The anaerobic fermentation process is considered as being one of the most environmentally friendly methods to convert organic material, such as municipal solid wastes, manures, energy crops, and agricultural residues, into biogas, an energy-rich product. The degradation process takes place in biogas plants under optimal conditions (temperature, mixing, pH, etc.) and it is driven by a microbial consortium [14,15]. Digestate by-product, which is characterized by a nutrient-rich and homogeneous mixture of microbial biomass and undigested material, is usually used as fertilizer for supplying nutrients [15]. Moreover, digestate can be mechanically separated into liquid (80–90%) and solid fractions (10–20%), in order to facilitate the storage, handling, transport, and discharge [14]. As digestate is produced in large quantities throughout the year, it is often stored and distributed on soils only during dry days in order to avoid nutrient leaching [8]. The pyrolysis of digestate can generate biochar with a higher cation exchange capacity and higher phosphorous concentration when compared to the initial material and other feedstock [13,14,15,16].
The objectives of this study were: (i) the characterization of biochar as derived from solid digestate and the initial feedstock; (ii) the determination of the physical–chemical characteristics of the growth media after addition of soil amendments; and, (iii) evaluation of the growth-media-induced influence on yield, growth, and oil quality in rose-scented geranium (Pelargonium graveolens L’Hér.) cultivation.
The crop, which belongs to the Geraniaceae family, is an important aromatic plant that is cultivated in several countries (e.g., Algeria, Egypt, Morocco, Madagascar, France, China, and India) for the extraction of essential oil (EO), widely used in the perfumery, cosmetic, pharmaceutical, and food industries [17,18,19], and chosen because of its sensitivity to growth when it is cultivated using different substrates [20,21].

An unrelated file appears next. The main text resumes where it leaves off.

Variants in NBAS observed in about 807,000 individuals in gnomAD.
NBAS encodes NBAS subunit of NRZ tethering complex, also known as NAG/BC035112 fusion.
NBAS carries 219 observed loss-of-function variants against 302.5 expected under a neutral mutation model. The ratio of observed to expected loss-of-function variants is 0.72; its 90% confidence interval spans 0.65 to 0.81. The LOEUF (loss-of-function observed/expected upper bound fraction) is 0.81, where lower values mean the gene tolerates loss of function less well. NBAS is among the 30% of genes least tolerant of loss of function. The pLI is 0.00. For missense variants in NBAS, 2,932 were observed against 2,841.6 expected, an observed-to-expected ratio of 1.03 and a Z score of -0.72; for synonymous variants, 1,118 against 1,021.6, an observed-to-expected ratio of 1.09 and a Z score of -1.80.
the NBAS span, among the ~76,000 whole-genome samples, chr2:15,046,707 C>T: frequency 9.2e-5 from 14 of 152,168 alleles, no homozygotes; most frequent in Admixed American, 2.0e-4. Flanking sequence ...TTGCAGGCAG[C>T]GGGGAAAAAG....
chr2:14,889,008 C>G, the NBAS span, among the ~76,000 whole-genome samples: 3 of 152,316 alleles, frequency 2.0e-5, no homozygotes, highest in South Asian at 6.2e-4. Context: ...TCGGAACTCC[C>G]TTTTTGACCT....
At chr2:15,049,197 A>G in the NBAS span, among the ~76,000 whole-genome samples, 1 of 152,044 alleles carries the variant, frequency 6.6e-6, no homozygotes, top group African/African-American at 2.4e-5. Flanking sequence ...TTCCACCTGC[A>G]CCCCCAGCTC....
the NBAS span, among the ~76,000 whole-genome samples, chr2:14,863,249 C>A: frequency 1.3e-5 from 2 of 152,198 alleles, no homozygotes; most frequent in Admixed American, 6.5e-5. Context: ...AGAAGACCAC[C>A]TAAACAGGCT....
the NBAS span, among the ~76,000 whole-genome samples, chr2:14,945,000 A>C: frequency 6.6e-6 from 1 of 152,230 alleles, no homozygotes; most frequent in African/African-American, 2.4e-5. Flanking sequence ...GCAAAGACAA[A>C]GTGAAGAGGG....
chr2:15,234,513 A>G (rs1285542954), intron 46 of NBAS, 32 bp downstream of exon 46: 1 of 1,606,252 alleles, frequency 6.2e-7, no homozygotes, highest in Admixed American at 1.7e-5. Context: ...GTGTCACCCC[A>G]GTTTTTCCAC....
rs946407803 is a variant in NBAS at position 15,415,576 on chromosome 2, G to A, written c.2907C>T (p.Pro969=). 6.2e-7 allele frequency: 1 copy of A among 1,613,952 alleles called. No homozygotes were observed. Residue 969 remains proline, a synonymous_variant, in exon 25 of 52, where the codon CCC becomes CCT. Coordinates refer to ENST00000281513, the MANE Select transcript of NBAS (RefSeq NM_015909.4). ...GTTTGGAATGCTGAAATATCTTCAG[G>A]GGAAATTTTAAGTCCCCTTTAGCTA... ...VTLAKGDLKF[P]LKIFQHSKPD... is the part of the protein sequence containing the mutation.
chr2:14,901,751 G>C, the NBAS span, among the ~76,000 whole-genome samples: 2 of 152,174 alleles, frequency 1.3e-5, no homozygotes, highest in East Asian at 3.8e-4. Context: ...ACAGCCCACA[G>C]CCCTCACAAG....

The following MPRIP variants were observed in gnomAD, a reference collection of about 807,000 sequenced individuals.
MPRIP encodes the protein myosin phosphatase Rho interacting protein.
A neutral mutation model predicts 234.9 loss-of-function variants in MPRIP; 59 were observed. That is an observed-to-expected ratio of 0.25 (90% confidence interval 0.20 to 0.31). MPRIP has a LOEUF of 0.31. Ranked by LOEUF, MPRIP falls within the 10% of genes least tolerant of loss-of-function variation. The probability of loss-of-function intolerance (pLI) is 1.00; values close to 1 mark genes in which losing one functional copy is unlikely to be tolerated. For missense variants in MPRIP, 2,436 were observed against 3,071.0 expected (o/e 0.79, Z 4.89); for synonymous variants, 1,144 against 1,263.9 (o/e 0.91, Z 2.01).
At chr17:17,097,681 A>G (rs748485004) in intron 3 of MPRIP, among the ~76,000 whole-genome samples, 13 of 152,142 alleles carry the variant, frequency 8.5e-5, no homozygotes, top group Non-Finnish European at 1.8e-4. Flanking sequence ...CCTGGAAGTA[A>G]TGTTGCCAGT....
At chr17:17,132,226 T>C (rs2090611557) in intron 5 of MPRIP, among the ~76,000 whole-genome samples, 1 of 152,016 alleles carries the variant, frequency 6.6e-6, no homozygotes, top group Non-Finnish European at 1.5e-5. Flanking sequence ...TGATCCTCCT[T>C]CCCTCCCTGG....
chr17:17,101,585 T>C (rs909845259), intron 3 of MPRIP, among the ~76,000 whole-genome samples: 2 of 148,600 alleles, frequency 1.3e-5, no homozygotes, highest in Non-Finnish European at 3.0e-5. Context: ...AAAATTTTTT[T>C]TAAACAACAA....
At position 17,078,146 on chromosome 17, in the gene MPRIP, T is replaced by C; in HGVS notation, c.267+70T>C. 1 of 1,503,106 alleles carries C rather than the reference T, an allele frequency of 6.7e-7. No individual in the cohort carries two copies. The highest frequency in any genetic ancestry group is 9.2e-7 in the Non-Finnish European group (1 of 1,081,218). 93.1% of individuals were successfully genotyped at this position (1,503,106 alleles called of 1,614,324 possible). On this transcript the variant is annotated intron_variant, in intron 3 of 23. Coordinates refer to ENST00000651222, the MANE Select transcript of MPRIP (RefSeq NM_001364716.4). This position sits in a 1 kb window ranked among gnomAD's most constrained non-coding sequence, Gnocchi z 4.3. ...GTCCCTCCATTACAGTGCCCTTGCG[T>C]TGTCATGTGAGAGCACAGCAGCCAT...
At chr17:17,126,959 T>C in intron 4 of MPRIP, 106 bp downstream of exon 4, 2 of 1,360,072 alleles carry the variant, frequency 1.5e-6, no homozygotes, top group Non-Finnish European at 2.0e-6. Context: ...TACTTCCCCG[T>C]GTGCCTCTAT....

2. Materials and Methods

2.1. Description of Substrates and Their Components

The substrates were generated by mixing three different components: solid digestate, biochar, and vermiculite. (i) Solid digestate was obtained from thermophilic anaerobic digestion of corn silage, manure, and vegetable waste, in a biogas plant that is located in Ravenna (Italy). The samples were collected during spring 2016 and air-dried at 25 °C for two weeks before use. (ii) Biochar was obtained by slow pyrolysis in a pilot unit, fed with the digestate. The biomass in the pyrolyser was continuously mixed by rotating paddles. Carbonization was carried out at a temperature of 500 °C for 3 h, under a continuous flow of N2, continuous extraction of pyrogases, and a heating rate of 25 °C/min. At the end of the set reaction time, the reactor was left to cool down to ambient temperature (continuing the extraction of pyrogases) overnight and then the biochar was extracted. The process yield (33.6%) was calculated from triplicate samples and expressed as weight percentages of dry weight biochar recovered to dry weight initial biomass, according to Vaughn et al. [22]. (iii) The vermiculite, which was used as a neutral filler component, was composed of particle sizes with diameters of 2–5 mm.
The three growth media were prepared by mixing all of the components. The products were differentiated, as follows: control (CS): vermiculite 100%; biochar substrate (BCS): vermiculite and biochar in a ratio 2:1 by volume; solid digestate substrate (SDS): vermiculite and solid digestate in a ratio of 2:1 (v:v).